Nobuo Uematsu trails after the moving van.

I first heard "Sekuta De Ne" when a friend played it to me, and I was then on sure the rest of the game music would be up to scratch. Then when the intro song "Other World" played me into the game, I was not only impressed, I was in love. To me, Final Fantasy music has and probably will always reign superior to any other RPG, Nobuo Uematsu has my undying respect. And Final Fantasy X had me inseparable from Midi files and whatnot. The emotional piano playing in the background always get's me, to the more sinister gripping themes of meeting a terrifying boss, or and evil bad guy - Final Fantasy X has it all really. There is a series of ranging themes that are all powerul and infectious in their own small way.

The heavy metal rock song in the intro FMV to the Blitzball match couldn't be more electrifying. Neither could the mellow "Some Day The Dream Will End". Or even the battle themes that are very well constructed of striking drums and loud clashes that compliment the sound of the impact of your sword hitting your enemy. The sound of attacking will not sound the same. The sound changes depending what kind of surface you hit. And speaking of those boss battles, some of the music will not only inspire you, put you in the mood but depending on being a optimist or pessimist - you can be worried violently.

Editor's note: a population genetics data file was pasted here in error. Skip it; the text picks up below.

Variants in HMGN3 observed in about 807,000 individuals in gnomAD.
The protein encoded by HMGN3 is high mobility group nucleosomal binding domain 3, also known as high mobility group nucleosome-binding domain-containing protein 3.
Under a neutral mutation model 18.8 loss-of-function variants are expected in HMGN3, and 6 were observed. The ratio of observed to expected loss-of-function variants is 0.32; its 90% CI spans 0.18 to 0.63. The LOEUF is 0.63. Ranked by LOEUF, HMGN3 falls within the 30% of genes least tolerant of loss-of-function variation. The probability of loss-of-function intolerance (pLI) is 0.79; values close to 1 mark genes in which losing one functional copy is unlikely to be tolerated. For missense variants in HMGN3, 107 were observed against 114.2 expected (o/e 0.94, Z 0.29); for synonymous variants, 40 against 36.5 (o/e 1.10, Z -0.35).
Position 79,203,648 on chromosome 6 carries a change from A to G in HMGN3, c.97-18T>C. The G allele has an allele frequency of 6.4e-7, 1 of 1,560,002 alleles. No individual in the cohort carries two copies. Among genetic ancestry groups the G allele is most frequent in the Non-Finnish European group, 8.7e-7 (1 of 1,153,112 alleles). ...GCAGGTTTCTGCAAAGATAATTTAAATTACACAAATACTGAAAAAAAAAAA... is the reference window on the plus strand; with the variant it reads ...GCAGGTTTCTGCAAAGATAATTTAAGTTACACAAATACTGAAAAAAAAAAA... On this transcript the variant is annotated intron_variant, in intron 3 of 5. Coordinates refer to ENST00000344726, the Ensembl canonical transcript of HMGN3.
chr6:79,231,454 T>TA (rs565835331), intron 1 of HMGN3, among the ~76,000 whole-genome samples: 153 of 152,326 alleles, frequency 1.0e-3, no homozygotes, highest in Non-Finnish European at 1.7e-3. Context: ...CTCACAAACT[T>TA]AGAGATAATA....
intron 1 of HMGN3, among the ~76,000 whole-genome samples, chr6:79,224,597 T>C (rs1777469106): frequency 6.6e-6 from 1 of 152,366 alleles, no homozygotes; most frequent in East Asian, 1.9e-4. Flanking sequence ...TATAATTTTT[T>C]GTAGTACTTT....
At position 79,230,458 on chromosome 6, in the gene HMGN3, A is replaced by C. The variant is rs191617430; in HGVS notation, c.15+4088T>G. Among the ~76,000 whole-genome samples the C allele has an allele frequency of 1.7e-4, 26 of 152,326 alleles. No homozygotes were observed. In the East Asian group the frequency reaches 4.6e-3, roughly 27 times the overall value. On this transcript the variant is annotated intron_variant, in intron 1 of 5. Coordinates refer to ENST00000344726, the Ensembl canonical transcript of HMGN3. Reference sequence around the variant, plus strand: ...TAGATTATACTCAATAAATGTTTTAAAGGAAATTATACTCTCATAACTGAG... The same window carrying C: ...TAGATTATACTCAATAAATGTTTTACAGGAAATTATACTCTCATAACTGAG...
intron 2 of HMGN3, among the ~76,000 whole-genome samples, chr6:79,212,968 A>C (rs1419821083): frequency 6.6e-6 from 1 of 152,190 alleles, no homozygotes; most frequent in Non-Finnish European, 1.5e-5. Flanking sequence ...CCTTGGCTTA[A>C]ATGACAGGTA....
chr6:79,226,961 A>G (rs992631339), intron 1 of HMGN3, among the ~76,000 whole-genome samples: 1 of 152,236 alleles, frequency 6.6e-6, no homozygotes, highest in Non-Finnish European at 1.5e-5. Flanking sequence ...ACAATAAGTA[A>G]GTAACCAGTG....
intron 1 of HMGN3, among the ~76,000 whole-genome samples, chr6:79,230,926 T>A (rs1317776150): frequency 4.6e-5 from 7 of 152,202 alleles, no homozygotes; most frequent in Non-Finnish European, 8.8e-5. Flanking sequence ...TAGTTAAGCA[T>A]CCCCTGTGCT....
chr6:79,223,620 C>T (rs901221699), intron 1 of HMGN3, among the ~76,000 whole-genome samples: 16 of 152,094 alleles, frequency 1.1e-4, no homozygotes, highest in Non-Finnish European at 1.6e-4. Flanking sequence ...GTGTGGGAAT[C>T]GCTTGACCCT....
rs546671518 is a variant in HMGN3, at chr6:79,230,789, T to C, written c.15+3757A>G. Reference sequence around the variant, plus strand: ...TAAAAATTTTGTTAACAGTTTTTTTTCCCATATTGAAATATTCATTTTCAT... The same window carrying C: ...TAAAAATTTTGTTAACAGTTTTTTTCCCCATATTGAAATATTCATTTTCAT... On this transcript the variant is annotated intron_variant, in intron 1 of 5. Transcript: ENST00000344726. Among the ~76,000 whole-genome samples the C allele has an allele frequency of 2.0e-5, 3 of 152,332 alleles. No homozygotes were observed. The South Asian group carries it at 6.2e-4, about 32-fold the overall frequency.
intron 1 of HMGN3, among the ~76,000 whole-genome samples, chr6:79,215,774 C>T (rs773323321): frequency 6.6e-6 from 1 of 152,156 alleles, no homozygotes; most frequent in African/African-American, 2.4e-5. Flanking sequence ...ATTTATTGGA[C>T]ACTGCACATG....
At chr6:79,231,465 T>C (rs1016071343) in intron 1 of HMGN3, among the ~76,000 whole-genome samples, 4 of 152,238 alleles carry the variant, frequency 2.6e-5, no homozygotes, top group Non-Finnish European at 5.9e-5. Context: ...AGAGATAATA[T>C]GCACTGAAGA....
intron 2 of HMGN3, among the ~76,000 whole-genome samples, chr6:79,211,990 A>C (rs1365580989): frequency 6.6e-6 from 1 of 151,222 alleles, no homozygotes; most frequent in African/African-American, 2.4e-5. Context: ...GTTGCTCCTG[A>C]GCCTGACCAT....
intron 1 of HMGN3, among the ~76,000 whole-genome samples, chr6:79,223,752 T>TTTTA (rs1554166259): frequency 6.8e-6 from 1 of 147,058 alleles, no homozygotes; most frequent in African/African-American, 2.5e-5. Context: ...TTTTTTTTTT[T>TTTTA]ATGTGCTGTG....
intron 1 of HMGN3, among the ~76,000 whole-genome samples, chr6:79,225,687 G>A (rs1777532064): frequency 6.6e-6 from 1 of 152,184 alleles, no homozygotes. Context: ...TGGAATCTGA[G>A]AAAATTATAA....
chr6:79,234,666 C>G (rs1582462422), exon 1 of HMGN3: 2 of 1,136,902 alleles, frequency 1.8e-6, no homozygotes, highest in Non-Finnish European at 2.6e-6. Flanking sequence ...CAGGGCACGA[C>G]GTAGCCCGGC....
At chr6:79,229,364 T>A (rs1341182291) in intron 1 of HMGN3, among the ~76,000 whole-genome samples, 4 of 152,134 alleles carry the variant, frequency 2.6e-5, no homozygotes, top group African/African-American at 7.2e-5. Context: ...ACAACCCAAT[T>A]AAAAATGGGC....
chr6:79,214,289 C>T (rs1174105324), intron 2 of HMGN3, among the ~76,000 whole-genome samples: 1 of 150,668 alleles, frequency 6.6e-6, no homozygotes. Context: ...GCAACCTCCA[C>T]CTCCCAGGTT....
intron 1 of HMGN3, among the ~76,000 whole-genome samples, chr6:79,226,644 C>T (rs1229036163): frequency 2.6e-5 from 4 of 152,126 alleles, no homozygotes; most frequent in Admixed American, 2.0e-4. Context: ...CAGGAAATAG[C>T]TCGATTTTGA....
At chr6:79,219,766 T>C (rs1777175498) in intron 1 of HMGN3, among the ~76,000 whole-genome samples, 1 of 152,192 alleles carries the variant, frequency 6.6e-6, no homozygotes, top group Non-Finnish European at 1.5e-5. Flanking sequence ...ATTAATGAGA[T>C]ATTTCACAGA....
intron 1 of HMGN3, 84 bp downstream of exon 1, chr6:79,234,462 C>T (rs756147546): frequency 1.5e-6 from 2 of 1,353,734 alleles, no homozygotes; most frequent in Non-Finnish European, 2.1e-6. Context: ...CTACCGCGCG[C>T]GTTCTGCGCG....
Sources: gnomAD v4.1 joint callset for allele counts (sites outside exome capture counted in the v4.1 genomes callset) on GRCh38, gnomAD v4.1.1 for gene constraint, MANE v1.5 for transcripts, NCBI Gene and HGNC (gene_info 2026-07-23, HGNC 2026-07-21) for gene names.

Voice acting is here! And I can tell you it's one of the most average things ever. Tidus' voice doesn't suit him and he tends to get quite worked up during the game. For good reasons yes, but his voice is that annoying that you wish he'd be a man and shut the hell up. I think it's great that the acting isn't limited, but when Tidus tries to lighten the mood by laughing - you're looking for a brick to lunge at the TV. Yuna has a voice that is so soft and gentle, reflecting her personality - but for those reasons, she became very unpopular with some. Auron, Kimarhi and Lulu luckily have the correct voice types and act quite well. And Seymour's voice will make him one of the most unconvincing, unbelieveable whatsoever bad guys of all time. Looks powerful and dodgy but when he opens his mouth, he may well be the long lost brother of Frank Spencer. Could do better.

Although flatly broad, Final Fantasy X prevails with only a couple of setbacks.

For a Playstation 2 effort, despite the flaws, Final Fantasy X is one of the best RPG's out right now, and one of the top ten games made for the Playstation 2. Like most games, it doesn't live up to the hype but it shouldn't disappoint the veterans of Final Fantasy other than a few traditional things gone missing. Personally, I felt the graphics were probably too much of a good thing and the amount of money spent on them reduced the gameplay time. Same for the exploration.

Final Fantasy X doesn't best the last three games in my opinion. And it doesn't bill itself as the best RPG for the PS2. Kingdom Hearts does - but that was made by Squaresoft so it's a good thing. The battles are sometimes repetitive, easy and boring. But the new innovation system is welcomed and hey, the fresh things implemented in this game can always be mentioned in the following games. It is a beautiful game, in and out and worth a buy for a good play and to add to the collection.

Well done, Squaresoft, you've done it again.


Reviewer's Score: 8/10 | Originally Posted: 07/16/04, Updated 11/27/04